Columbia Basin Heritage Fish Consumption Rates
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The distinction between contemporary Native American fish consumption rates and original baseline heritage rates is important as heritage rates have long been recognized as a baseline relevant to the fishing tribes of the Pacific Northwest, and are generally protected by Treaties and case law. This paper reviews two approaches to accurately defining heritage fish consumption rates in the Columbia Basin. One approach is dietary reconstruction based on several lines of evidence (ethnographic, archaeological, historical ecology, nutritional) to estimate overall dietary composition and the caloric contribution of fish, especially salmon. The second approach is review of abundance, harvest, and consumption rates augmented with ethnographic and archaeological evidence over the same geographical area. The two methods independently arrive at the same range for heritage rates, and the wealth of evidence that has accumulated over 75 years of investigation suggests that these are robust conclusions.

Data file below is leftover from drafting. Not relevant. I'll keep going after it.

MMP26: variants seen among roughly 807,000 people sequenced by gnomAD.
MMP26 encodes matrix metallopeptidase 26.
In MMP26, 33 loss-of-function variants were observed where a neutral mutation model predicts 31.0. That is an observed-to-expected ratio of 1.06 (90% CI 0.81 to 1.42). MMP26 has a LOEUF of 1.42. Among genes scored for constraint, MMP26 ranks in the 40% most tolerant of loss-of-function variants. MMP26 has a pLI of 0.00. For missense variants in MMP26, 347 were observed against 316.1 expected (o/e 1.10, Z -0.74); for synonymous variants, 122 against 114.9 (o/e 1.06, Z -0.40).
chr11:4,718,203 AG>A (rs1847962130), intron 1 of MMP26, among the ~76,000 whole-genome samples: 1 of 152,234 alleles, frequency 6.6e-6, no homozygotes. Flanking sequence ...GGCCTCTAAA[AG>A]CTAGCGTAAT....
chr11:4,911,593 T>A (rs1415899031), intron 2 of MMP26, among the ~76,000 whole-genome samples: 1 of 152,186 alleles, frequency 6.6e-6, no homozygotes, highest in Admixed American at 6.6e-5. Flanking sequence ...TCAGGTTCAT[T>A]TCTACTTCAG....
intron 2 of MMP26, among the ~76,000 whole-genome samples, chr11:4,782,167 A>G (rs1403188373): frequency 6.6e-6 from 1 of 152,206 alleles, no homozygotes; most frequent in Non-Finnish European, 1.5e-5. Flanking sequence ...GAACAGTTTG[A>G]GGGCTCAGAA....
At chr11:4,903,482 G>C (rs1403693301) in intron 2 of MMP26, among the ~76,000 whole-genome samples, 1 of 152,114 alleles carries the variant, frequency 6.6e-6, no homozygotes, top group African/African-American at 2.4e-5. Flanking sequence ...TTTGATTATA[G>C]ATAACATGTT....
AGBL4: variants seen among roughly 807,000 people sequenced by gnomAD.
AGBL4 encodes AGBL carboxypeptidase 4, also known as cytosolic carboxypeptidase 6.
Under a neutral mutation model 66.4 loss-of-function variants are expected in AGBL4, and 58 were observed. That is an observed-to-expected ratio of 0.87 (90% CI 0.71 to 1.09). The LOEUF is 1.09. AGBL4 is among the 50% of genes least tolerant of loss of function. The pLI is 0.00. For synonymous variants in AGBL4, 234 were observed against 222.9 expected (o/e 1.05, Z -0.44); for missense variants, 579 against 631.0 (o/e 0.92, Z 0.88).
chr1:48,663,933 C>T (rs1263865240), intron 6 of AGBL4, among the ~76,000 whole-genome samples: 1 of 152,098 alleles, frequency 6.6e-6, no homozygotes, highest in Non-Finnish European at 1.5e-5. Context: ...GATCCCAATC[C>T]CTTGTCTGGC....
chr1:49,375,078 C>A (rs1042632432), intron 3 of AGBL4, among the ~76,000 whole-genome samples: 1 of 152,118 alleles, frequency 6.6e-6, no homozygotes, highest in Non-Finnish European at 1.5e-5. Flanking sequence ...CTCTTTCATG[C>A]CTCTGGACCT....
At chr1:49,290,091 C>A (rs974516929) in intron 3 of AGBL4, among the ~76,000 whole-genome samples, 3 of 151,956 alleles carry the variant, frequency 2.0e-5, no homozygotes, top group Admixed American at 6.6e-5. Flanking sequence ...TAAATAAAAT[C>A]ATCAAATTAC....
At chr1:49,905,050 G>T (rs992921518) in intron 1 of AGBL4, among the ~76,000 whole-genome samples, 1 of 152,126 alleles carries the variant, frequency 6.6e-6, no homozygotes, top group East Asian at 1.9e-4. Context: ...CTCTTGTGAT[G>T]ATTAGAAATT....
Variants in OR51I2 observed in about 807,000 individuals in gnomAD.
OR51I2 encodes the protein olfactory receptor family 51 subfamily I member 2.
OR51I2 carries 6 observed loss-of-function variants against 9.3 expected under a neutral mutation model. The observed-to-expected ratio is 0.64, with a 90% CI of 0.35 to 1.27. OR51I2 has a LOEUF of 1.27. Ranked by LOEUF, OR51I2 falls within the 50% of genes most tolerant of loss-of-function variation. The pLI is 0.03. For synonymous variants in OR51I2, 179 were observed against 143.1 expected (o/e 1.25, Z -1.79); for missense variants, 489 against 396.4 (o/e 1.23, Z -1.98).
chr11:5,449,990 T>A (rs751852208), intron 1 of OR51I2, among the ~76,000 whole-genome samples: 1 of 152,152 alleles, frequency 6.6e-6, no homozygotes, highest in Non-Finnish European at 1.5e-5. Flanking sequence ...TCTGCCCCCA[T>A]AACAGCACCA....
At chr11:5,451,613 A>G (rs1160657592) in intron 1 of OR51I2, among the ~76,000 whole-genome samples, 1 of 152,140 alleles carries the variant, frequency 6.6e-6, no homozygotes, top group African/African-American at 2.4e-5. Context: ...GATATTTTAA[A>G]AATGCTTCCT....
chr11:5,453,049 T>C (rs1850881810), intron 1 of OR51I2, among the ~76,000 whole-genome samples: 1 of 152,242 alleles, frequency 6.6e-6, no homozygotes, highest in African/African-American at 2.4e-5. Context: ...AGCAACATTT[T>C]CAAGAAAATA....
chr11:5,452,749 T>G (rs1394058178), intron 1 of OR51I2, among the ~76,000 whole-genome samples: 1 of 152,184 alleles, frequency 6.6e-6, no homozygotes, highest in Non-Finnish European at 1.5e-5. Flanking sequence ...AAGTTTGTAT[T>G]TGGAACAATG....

KeywordsFish consumption rates Heritage consumption rates Columbia Basin Columbia River Pacific Northwest Native American Ethnographic surveys
The authors with to thank Catherine O’Neil, Jamie Donatuto, Pat Cirone, Craig McCormack, and Diane Barton for their thoughtful insights and comments.
The material presented in this article represents the opinions of the author and does not necessarily reflect official tribal or university policy.
Compliance with Ethical Standards
The authors declare that they have no conflicts of interest. This paper is a companion paper to Harper and Walker, “Comparison of Contemporary and Heritage Fish Consumption Rates in the Columbia River Basin.” No animal research or human subjects were involved in the development of this paper. This work was not supported by a grant or consultation fees. A portion of this work was presented as:
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